The Indiana Hoosiers (5-2, 2-2 Big Ten) have a record identical to ours at this point. Thus, they are one win away from bowl eligibility, which is quite a happy thing for the folks in Bloomington, who are quite used to biding their time by watching losing efforts—or not watching them—on the football field while they wait for basketball season to begin. However, this year is a special year for the football Hoosiers. Their coach through last season, Terry Hoeppner, died of complications due to a brain tumor, so it is an emotional time for the team. The new coach, Bill Lynch, has done a surprisingly good job to date continuing the team-building effort started by Hoeppner in his two years at IU.
This will not be a walkover—no “bye week”—as we used to consider Indiana.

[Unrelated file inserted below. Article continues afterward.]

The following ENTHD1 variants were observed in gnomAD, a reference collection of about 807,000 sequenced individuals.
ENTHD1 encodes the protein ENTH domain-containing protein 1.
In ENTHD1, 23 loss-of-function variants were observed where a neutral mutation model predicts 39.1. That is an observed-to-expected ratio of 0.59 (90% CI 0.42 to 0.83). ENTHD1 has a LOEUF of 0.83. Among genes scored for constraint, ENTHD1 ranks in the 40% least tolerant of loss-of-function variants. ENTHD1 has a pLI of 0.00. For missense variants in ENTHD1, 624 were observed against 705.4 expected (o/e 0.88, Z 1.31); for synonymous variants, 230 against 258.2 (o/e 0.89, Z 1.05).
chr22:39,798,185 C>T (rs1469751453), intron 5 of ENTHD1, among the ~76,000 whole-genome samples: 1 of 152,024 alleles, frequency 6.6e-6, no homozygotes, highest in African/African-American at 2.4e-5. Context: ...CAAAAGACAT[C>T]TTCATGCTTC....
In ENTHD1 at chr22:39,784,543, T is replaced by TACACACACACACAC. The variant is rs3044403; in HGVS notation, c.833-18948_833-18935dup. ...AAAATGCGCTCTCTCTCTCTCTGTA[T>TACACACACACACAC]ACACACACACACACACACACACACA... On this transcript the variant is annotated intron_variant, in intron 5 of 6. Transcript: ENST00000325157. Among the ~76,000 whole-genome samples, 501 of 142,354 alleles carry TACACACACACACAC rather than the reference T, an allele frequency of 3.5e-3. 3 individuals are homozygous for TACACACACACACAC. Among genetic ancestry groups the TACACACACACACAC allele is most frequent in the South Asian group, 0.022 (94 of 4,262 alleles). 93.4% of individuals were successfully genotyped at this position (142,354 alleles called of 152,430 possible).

Let’s look at the Indiana offense. In sophomore Kellen Lewis, the Hoosiers have an option quarterback who is bound to give us fits, as did Illinois’ Juice Williams. However, unlike Illinois, Lewis doesn’t have an established stud running back to pitch to. Lewis is averaging 67 yards per game rushing, while junior running back Marcus Thigpen is averaging only 38 yards per game on the ground. Look for our front seven to shut down the Hoosier running game, which is ranked 42nd in the Division Formerly Known as I-A. Indiana’s offense is balanced but Lewis’ receivers are relatively inexperienced: a junior and two sophomores. They rank #53 nationally in passing offense. As the Penn State defense won’t allow the run and will dare Lewis to throw, our secondary had better be on its game, but this Turkey believes that they will keep the Hoosier wide receivers under control.